Hair loss in children

Most adults find hair loss to be inevitable at some stage in life; they don’t like it but it’s expected and commonplace.  With children the loss of hair is alarming because it is not expected, but a surprising number of young children do suffer hair loss for a variety of reasons.  Some pediatric clinics estimate that 3% of their patients have problems with hair loss.

The most common cause is a fungal infection called tinea capitis, sometimes known as ringworm.  Symptoms include loss of hair usually in round patches on the scalp; eyebrows and eyelashes are also often affected.  Diagnosis is fairly easy with a microscopic testing for fungus, and treatment involves antifungal medication and shampoo in an eight-week regimen.

A more serious cause is alopecia areata, which results in the sudden appearance of very smooth round or oval bald patches and sometimes ridging or pitting of the nails.  It is believed to be an autoimmune disease that attacks hair follicles.  Little is known about the cause, and though some treatments have shown promise in promoting hair growth, there is no guarantee that hair loss will not recur.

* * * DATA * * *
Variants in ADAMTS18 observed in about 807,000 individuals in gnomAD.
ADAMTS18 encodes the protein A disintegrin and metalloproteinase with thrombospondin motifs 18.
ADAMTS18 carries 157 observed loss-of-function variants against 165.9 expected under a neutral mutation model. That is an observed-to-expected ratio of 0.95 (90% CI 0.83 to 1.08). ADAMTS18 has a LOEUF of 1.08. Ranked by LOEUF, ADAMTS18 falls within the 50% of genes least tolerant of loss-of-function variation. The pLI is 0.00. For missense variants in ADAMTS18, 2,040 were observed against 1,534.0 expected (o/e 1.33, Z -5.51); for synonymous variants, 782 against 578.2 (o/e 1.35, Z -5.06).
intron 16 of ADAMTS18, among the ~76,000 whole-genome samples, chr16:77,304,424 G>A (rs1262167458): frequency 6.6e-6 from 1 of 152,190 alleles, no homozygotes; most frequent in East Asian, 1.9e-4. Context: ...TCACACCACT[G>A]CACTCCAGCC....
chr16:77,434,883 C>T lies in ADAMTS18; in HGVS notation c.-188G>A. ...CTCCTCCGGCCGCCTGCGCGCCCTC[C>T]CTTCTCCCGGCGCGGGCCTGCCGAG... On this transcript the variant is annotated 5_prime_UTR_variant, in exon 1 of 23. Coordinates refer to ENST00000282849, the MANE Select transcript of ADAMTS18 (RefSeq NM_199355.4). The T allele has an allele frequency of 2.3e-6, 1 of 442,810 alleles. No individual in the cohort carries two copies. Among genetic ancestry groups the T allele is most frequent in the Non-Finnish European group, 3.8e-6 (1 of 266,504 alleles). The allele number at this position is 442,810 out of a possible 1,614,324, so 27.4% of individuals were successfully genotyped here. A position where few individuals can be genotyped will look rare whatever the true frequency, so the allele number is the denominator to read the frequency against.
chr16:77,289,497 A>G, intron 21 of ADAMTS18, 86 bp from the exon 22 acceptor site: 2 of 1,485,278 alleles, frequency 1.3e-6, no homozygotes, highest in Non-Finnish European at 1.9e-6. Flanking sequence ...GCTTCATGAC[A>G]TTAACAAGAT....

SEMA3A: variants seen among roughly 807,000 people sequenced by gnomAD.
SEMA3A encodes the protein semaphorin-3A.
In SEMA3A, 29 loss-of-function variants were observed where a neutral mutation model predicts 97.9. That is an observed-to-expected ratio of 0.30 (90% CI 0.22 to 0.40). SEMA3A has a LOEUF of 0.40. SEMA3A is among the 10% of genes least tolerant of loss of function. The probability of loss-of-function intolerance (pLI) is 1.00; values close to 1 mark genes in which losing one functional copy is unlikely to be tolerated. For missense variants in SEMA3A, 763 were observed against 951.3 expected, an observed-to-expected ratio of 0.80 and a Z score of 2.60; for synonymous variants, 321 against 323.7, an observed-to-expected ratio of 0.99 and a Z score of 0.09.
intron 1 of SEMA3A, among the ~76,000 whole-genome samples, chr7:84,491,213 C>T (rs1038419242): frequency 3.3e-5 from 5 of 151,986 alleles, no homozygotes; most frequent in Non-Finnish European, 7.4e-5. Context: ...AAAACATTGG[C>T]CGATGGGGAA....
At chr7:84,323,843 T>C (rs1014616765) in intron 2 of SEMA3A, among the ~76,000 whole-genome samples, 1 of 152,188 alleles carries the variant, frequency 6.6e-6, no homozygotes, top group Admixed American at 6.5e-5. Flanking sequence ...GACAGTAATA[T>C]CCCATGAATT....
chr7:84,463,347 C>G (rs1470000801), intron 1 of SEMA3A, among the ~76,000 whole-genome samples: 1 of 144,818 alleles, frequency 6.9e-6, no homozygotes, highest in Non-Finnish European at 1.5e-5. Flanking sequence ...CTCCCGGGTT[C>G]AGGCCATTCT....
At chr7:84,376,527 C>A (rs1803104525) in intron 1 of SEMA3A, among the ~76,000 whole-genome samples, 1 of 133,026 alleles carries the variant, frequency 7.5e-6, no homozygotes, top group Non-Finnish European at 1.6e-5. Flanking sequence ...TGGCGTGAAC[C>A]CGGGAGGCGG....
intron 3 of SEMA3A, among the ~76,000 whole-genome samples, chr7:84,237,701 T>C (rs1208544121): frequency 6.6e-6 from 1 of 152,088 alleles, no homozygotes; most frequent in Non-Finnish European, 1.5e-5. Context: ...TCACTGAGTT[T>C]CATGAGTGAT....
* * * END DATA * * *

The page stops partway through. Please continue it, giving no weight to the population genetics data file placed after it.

High fever, surgery and prolonged emotional stress are some of the accepted causes of telogen effluvium, in which the life cycle of the hair is interrupted and stalled in the dormant, or telogen, stage. Diagnosis in this case is usually based on the child’s recent history, and once the triggering event is over, hair usually returns to its normal growth cycle without treatment.

Trauma to the hair shaft is fairly common, resulting in most cases from the use of chemicals in perms, or tightly pulled ponytails and braids.  It can also be the result of a child’s compulsive hair pulling or twisting, marked by patches of broken hairs, not by complete hair loss.  In this case treatment consists of some type of behavioral or relaxation therapy, and normal hair growth resumes when the stress is relieved.